When the second-ranked Memphis Tigers began NCAA tournament play a week ago, conventional wisdom held that the cakewalks of Conference USA were behind them. It was time for men to play like men, and against the men of BCS conferences. Having snuck by the SEC's Mississippi State Bulldogs in the second round, the Tigers were deemed by many to be worthy candidates for an upset by the Big 10's Michigan State Spartans.
Friday night's Sweet 16 contest was over at halftime. Shooting lights out -- and from the foul line! -- the Tigers ran out to a 50-20 lead on their way to a 92-74 victory, setting up a South Regional championship Sunday against the second-seeded Texas Longhorns. With no fewer than eight Tigers (including Pierre Niles) getting into the scoring column by halftime, Memphis made this week's MSU look like last month's SMU, or ECU. Those pundits waiting for the Tigers (now 36-1) to crumble under the pressure of a prime-time nail-biter will have to wait another two days, and hope the Big 12 sends stronger, better shooting, and more competitive men into the Tigers' den.
Should Memphis reach its first Final Four in 23 years, Antonio Anderson will be the player of the game against Texas. The junior guard has been coach John Calipari's defensive ace since his freshman season, and will certainly get the bulk of minutes guarding Texas star D.J. Augustin. The Longhorns have an offense that threatens first from the perimeter, A.J. Abrams complementing Augustin's driving skills with a long-distance shooting touch sure to stretch the Memphis defense in ways Michigan State was unable. The Tigers' backcourt depth will be critical, with Willie Kemp, Andre Allen, and Doneal Mack available to spell freshman Derrick Rose, conserving the star point guard's energy for the offensive end. (Any offense Anderson delivers Sunday will be gravy. His mission will be to contain Augustin.)
In 1973, the Memphis State Tigers beat Kansas State to win the Midwest Regional in Houston, Texas. Twelve years later, the Tigers beat Penn and UAB in Houston, on their way back to the Final Four. As for Sunday's opponent, the Longhorns are one of only two teams (both UT!) to beat the Tigers in FedExForum over the last three years. (Memphis fell to the "burnt" shade of orange on January 2, 2006.) These are Texas-sized connections for Tiger historians to consider, to say nothing of their team's third attempt in as many years to reach the hallowed Final Four. As for the intangible of playing an opponent in its home state, the experience factor is heavily on the side of the "visitors." For Chris Douglas-Roberts, Joey Dorsey, Robert Dozier, Anderson, and Allen, a third attempt at a fourth tourney win -- in what will be a school-record-tying 12th NCAA tournament game for each -- is welcome regardless of how many stars appear in the state flag.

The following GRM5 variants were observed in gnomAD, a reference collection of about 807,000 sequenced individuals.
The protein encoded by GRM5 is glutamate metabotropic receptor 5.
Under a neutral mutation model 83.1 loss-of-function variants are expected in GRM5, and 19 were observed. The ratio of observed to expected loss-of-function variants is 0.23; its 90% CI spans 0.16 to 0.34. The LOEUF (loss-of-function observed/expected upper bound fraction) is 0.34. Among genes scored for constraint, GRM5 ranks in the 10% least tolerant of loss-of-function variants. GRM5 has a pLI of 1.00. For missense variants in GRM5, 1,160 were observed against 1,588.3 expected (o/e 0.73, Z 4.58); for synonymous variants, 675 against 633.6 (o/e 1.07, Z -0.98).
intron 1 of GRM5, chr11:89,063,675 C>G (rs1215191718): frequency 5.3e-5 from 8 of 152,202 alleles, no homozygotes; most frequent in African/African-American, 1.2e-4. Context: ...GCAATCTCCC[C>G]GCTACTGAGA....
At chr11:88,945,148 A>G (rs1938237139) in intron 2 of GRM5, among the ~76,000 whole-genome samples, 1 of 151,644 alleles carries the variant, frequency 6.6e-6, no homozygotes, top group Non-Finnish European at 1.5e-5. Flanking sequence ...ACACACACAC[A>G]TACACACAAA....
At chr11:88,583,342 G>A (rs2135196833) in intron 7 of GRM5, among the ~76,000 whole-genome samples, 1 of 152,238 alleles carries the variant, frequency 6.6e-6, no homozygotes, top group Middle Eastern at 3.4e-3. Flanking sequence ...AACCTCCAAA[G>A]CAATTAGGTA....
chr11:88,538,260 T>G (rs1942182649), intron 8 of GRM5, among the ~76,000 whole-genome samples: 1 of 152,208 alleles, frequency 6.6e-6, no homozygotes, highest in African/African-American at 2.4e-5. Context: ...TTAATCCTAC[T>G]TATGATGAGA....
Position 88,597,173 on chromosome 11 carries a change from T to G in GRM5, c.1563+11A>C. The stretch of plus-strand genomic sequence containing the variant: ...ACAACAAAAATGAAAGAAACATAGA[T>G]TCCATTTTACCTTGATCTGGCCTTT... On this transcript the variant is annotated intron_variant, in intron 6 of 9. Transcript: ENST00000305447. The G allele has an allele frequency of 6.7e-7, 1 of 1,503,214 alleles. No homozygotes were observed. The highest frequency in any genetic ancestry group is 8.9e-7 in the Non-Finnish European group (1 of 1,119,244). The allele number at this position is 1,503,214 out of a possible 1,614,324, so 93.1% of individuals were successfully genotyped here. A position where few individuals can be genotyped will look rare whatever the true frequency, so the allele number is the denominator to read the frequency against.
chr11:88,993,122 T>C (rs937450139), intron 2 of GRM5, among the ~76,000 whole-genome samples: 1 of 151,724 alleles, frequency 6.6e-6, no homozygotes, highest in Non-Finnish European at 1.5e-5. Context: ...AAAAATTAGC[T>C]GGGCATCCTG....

Everyone with a bracket loves the underdog during the NCAAs, but this weekend may be a good one to pull for the front-runners. Never have all four number-one seeds reached the Final Four. Only three times in the last quarter-century have three top seeds made it to the tournament's final weekend (1993, '97, and '99). With perennials North Carolina, Kansas, and UCLA still in the hunt, the "underdog" who could become the nation's favorite in a Final Four that holds to form is, you guessed it, the Memphis Tigers.